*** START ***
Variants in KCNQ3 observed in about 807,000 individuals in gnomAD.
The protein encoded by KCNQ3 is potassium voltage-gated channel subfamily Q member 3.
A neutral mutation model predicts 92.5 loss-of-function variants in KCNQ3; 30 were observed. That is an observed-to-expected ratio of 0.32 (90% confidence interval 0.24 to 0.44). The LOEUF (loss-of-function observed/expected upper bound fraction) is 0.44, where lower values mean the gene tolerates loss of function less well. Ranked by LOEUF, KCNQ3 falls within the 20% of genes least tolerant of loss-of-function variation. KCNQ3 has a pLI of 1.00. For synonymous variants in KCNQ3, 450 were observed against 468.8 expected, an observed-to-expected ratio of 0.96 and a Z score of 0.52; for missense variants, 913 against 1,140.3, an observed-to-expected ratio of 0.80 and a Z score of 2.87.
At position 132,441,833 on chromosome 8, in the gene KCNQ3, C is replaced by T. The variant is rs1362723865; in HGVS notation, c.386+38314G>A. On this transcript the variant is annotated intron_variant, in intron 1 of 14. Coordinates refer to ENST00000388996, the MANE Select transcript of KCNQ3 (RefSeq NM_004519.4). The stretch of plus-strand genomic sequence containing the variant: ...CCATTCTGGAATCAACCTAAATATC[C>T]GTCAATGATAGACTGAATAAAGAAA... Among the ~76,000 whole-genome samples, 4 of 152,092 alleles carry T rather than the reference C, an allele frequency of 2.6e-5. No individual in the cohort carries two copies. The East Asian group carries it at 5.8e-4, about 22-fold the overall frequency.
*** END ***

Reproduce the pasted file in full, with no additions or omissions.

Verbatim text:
Variants in KCNQ3 observed in about 807,000 individuals in gnomAD.
The protein encoded by KCNQ3 is potassium voltage-gated channel subfamily Q member 3.
A neutral mutation model predicts 92.5 loss-of-function variants in KCNQ3; 30 were observed. That is an observed-to-expected ratio of 0.32 (90% confidence interval 0.24 to 0.44). The LOEUF (loss-of-function observed/expected upper bound fraction) is 0.44, where lower values mean the gene tolerates loss of function less well. Ranked by LOEUF, KCNQ3 falls within the 20% of genes least tolerant of loss-of-function variation. KCNQ3 has a pLI of 1.00. For synonymous variants in KCNQ3, 450 were observed against 468.8 expected, an observed-to-expected ratio of 0.96 and a Z score of 0.52; for missense variants, 913 against 1,140.3, an observed-to-expected ratio of 0.80 and a Z score of 2.87.
At position 132,441,833 on chromosome 8, in the gene KCNQ3, C is replaced by T. The variant is rs1362723865; in HGVS notation, c.386+38314G>A. On this transcript the variant is annotated intron_variant, in intron 1 of 14. Coordinates refer to ENST00000388996, the MANE Select transcript of KCNQ3 (RefSeq NM_004519.4). The stretch of plus-strand genomic sequence containing the variant: ...CCATTCTGGAATCAACCTAAATATC[C>T]GTCAATGATAGACTGAATAAAGAAA... Among the ~76,000 whole-genome samples, 4 of 152,092 alleles carry T rather than the reference C, an allele frequency of 2.6e-5. No individual in the cohort carries two copies. The East Asian group carries it at 5.8e-4, about 22-fold the overall frequency.